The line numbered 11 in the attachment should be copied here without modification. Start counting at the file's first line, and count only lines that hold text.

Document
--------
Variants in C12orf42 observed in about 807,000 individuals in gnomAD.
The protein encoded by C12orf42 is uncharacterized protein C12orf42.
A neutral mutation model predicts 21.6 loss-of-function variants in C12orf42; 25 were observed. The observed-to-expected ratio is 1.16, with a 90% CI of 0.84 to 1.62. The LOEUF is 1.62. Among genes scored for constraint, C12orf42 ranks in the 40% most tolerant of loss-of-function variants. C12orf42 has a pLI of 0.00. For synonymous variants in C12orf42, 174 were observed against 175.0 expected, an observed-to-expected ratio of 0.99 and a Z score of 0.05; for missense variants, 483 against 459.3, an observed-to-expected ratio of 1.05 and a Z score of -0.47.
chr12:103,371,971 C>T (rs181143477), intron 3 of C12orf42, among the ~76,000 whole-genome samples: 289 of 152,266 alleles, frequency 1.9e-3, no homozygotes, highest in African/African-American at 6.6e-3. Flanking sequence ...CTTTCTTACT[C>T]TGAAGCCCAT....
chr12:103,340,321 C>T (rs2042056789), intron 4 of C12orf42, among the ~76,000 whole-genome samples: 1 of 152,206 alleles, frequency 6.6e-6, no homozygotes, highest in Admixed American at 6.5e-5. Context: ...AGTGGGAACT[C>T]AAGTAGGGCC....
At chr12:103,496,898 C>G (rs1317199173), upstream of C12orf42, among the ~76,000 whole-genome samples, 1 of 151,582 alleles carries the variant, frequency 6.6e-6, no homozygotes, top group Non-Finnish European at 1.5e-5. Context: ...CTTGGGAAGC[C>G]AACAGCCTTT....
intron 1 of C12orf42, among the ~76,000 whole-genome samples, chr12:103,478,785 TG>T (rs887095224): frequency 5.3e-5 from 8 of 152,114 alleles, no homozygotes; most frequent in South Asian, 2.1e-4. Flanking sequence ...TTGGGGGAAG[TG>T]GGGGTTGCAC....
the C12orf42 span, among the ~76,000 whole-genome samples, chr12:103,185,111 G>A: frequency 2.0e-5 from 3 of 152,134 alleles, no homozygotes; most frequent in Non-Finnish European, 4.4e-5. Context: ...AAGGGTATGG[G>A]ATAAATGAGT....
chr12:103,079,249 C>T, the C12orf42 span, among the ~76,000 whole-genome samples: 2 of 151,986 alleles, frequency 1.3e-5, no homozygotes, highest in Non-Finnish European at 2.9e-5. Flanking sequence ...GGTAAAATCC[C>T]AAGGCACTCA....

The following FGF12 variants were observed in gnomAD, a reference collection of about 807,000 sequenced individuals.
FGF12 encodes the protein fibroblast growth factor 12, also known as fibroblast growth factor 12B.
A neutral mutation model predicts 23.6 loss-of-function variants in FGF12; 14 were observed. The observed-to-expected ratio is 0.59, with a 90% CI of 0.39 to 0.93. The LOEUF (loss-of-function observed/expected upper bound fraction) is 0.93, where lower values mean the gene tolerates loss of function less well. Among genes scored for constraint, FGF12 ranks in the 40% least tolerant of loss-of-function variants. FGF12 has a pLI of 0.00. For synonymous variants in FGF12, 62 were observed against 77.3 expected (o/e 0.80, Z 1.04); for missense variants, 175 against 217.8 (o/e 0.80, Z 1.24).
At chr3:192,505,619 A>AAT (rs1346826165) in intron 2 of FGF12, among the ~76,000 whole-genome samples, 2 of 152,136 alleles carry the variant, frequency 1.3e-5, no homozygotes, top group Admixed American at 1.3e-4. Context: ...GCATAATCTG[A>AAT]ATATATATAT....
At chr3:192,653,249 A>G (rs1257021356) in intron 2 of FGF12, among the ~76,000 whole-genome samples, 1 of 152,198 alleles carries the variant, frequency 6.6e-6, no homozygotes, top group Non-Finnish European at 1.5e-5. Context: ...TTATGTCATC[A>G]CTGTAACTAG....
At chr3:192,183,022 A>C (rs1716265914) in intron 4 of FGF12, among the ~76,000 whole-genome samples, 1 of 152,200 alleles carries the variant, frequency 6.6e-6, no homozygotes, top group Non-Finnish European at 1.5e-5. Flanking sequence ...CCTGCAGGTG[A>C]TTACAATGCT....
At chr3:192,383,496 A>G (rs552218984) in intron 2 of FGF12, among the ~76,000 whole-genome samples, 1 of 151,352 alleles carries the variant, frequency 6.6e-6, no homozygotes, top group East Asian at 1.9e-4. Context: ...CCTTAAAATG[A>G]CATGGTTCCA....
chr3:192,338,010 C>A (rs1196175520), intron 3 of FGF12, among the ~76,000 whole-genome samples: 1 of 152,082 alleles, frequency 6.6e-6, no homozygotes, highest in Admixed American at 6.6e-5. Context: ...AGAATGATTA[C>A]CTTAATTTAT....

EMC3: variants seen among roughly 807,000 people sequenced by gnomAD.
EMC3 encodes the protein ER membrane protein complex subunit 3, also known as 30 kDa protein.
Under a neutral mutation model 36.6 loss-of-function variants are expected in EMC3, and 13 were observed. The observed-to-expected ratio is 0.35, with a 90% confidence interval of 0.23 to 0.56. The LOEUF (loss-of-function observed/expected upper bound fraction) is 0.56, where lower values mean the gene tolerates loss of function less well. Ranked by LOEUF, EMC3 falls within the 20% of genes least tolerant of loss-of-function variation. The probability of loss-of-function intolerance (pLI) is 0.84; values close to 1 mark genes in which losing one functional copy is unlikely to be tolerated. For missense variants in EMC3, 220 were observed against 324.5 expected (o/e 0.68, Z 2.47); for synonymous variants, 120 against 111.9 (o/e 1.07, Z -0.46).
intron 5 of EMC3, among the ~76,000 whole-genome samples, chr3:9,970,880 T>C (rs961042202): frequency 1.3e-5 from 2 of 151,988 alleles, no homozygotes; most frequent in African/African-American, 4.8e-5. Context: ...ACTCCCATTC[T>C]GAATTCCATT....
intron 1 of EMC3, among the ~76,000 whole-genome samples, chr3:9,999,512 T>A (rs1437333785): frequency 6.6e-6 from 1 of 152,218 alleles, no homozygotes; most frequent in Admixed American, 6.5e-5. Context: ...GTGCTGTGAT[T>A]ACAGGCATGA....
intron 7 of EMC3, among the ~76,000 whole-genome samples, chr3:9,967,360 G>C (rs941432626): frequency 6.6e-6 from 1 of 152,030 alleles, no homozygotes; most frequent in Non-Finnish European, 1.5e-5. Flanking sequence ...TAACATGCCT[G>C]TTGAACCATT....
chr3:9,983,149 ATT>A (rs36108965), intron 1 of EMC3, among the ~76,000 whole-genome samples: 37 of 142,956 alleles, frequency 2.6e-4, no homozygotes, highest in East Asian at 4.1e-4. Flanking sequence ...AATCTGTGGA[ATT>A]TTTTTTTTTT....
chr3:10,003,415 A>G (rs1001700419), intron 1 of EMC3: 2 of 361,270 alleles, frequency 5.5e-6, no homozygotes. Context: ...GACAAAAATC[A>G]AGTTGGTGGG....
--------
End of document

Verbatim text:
FGF12 encodes the protein fibroblast growth factor 12, also known as fibroblast growth factor 12B.